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This problem is absolutely driving me crazy for over a week now. All I need is a bezier curve that starts at point with coordinates (x1, y1, z1,) and ends at a point with coordinates (x2, y2, z2).

I attempted to write a function using basic coordinate geometry, and it works pretty well 90% of the times, but fails depending on domain/range of numpy.atan. (It creates a bezier curve between the two points, then scales and rotates it appropriately)

def connect_points(v1, v2):
    midpoint = [(1 / 2) * (v1[0] + v2[0]), (1 / 2) * (v1[1] + v2[1]), (1 / 2) *(v1[2] + v2[2])]
    distance = math.sqrt((v2[0] - v1[0]) ** 2 + (v2[1] - v1[1]) ** 2 + (v2[2] - v1[2]) ** 2)
    z_rotation = math.atan((v2[1] - v1[1]) / ((v2[0] - v1[0]) + 0.00001))
    y_rotation = -math.atan((v2[2] - v1[2]) / math.sqrt((v2[1] - v1[1]) ** 2 + (v2[0] - v1[0]) ** 2))
    bpy.ops.curve.primitive_bezier_curve_add(location=midpoint, radius=distance / 2, rotation=[0, y_rotation, z_rotation])
    bpy.context.object.data.bevel_depth = 0.010

I am not willing to spend another week trying to write different cases for arctan. Is there a simpler way?

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Using API methods rather than operator.

Using methods outlined similar to those in Bezier-Spline with Python adds unwanted point .

Method to create a 2 point bezier curve object, with each end at defined global locations and the origin in the middle. Notice the left and right handles types are set to auto resulting in a straight line.. (perhaps a poly would be simpler in this situation)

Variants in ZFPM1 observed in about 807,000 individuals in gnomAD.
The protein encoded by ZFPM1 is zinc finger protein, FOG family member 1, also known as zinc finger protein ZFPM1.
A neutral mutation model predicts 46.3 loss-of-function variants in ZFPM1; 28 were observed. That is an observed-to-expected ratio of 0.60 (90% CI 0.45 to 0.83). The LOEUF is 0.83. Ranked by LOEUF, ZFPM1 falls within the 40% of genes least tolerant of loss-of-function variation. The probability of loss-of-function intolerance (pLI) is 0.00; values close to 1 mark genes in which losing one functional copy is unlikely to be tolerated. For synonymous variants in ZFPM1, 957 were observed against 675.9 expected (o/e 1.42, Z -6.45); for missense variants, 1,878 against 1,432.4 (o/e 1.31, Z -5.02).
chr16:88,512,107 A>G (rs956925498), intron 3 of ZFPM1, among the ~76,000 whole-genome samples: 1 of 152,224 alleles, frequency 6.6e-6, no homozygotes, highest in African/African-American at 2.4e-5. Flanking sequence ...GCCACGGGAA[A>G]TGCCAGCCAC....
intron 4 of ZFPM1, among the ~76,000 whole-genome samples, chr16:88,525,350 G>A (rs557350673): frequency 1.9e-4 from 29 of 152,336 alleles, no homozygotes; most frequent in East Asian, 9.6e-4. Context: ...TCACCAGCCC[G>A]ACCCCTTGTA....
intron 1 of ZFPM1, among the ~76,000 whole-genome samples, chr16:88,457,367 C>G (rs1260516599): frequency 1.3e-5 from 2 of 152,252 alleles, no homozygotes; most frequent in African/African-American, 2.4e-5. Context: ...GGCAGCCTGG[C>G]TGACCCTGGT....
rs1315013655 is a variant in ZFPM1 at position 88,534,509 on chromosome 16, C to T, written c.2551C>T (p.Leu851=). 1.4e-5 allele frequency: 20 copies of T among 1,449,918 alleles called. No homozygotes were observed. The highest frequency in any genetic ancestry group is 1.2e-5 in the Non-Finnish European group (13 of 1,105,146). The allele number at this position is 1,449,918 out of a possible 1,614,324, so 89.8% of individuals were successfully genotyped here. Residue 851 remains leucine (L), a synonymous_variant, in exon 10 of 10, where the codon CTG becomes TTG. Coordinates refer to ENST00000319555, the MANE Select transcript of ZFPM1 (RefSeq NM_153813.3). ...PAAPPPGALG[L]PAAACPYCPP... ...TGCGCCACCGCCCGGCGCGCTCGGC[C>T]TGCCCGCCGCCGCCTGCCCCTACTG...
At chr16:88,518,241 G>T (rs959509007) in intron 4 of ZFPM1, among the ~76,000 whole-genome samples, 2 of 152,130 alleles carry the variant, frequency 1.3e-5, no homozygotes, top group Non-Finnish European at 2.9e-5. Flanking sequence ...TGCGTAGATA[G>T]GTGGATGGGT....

import bpy
from mathutils import Vector

def add_bezier(v0 , v1):
    v0, v1 = Vector(v0), Vector(v1)  
    o = (v1 + v0) / 2  

    curve = bpy.data.curves.new('Curve', 'CURVE')
    spline = curve.splines.new('BEZIER')
    bp0 = spline.bezier_points[0]
    bp0.co = v0 - o
    bp0.handle_left_type = bp0.handle_right_type = 'AUTO'

    spline.bezier_points.add(count=1)
    bp1 = spline.bezier_points[1]
    bp1.co = v1 - o
    bp1.handle_left_type = bp1.handle_right_type = 'AUTO'
    ob = bpy.data.objects.new('Curve', curve)
    ob.matrix_world.translation = o
    return ob

As an example of usage, select a mesh object and run script below to add curves matching each edge.

context = bpy.context
scene = context.scene
ob = context.object
mw = ob.matrix_world
me = ob.data

for e in me.edges:
    pts = [mw * me.vertices[v].co for v in e.vertices]
    o = add_bezier(*pts)
    curve = o.data    
    curve.dimensions = '3D'
    curve.bevel_depth = 0.010
    curve.bevel_resolution = 3
    scene.objects.link(o)

Note should you wish to not use the global coordinates, could make a single axis aligned curve, and align it using the methods outlined in Align Object to Vector using python (consider using an end as origin)

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  • $\begingroup$ I would never use v0, v1 = Vector(v0), Vector(v1) as you're changing the type of v0 and v1. Also if you don't want to calculate handle points, you can set the handle types to AUTO. $\endgroup$ – dr. Sybren Jun 6 '18 at 21:22
  • $\begingroup$ @dr.Sybren Thankyou, changed to auto handles, using foreach_set on two points was a little overkill.. Changing the type of v0, v1 to Vector is exactly the intended result... could check to see if they are not vector types then convert them to vectors as they are only going to be used as vectors ... confusing. Importantly wanted to point out to OP to use vectors and not reinvent the wheel with Euclidean distance formulae et al. $\endgroup$ – batFINGER Jun 7 '18 at 7:52

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